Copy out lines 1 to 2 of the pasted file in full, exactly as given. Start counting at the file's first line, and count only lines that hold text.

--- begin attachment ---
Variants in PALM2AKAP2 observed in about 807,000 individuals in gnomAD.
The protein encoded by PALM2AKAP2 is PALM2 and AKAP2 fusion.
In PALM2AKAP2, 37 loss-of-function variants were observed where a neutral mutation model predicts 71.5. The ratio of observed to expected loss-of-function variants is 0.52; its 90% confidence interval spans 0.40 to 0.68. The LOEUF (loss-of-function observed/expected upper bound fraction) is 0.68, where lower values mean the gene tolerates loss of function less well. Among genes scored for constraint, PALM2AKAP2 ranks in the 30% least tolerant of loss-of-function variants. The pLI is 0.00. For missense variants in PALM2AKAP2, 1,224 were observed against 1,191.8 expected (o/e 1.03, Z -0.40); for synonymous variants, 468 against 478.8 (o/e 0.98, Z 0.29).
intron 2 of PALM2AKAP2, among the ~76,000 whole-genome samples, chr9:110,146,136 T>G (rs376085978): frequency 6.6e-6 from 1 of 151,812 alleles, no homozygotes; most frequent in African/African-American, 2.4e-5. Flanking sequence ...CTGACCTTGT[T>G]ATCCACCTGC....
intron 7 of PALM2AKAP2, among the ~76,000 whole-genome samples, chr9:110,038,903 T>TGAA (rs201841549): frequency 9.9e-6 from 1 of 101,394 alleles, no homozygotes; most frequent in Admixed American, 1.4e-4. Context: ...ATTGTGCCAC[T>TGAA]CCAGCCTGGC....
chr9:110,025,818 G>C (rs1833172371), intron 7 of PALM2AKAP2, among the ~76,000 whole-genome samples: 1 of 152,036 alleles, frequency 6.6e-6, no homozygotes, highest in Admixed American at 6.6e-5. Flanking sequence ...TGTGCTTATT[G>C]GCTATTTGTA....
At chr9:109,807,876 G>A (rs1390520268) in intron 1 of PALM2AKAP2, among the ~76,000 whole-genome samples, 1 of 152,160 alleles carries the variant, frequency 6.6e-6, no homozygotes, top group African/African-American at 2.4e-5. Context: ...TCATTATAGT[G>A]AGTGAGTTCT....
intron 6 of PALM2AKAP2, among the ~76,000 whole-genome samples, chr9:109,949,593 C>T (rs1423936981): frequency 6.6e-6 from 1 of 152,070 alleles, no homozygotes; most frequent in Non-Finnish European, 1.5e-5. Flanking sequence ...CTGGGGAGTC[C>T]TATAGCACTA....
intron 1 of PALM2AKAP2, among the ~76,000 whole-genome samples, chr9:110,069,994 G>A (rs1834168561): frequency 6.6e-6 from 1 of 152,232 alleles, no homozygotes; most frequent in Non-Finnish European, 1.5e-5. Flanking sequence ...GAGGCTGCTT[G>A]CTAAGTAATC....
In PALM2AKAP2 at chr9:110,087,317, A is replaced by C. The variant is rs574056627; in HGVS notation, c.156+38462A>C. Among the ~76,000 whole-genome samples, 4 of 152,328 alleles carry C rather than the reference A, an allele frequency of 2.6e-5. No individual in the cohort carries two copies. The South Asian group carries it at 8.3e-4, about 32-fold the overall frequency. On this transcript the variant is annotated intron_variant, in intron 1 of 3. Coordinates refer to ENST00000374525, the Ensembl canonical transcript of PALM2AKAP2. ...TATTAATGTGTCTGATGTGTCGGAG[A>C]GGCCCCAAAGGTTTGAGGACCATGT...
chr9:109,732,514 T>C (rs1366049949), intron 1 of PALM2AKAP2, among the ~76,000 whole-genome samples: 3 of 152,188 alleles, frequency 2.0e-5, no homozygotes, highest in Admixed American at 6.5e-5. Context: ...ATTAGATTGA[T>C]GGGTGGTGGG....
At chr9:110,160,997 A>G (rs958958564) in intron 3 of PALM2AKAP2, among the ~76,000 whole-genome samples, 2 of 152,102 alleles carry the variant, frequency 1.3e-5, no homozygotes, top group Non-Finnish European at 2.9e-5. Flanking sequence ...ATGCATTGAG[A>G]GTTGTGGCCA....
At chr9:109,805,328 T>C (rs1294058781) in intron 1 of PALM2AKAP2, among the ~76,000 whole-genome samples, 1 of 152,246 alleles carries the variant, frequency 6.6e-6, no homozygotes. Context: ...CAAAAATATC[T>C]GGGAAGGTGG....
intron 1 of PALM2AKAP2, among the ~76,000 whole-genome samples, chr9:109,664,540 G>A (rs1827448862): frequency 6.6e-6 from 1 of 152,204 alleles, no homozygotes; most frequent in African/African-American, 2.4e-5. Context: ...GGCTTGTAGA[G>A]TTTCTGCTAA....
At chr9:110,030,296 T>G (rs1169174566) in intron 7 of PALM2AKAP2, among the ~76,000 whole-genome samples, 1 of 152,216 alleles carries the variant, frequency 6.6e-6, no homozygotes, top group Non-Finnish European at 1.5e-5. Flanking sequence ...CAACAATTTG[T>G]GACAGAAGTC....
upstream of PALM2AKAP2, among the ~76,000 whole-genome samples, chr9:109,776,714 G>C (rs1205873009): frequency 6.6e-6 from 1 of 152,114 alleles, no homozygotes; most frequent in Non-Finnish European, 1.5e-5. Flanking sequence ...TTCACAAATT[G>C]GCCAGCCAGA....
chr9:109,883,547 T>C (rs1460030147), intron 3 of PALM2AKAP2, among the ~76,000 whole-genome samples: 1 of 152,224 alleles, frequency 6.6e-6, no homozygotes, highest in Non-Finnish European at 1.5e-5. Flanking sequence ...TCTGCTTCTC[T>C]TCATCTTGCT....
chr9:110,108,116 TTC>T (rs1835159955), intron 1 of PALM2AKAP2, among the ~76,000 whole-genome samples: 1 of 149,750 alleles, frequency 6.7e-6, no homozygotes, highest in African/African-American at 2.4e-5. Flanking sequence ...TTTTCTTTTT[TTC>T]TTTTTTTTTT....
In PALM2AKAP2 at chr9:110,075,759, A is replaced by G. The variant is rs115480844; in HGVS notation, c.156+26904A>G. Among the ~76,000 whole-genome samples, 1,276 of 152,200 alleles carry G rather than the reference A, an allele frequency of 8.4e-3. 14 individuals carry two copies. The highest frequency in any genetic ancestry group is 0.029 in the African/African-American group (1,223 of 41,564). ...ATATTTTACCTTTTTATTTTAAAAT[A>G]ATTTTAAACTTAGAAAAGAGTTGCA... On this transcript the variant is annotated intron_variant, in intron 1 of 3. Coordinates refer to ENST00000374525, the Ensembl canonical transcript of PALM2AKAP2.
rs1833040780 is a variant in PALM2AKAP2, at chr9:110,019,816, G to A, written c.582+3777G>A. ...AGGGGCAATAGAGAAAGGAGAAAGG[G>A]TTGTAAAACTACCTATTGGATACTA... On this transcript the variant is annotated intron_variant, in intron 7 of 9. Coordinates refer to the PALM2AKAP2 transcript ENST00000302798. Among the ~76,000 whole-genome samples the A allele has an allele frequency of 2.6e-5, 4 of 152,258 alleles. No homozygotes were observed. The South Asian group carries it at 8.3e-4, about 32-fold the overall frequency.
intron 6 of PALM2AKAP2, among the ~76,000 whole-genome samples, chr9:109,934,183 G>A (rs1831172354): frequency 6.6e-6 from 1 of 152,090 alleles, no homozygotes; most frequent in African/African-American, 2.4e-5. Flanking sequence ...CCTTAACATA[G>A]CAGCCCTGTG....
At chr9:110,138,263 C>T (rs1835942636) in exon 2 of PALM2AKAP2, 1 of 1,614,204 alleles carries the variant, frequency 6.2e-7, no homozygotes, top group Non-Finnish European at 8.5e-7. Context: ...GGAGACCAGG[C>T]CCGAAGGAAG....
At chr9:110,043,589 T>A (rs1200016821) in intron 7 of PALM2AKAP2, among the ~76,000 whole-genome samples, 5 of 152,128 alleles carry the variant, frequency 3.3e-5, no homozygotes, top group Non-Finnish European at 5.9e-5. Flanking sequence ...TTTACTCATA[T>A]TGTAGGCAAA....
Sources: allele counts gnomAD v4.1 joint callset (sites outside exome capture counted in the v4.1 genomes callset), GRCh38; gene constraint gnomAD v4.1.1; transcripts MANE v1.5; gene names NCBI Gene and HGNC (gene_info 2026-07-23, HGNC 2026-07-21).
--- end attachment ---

Variants in PALM2AKAP2 observed in about 807,000 individuals in gnomAD.
The protein encoded by PALM2AKAP2 is PALM2 and AKAP2 fusion.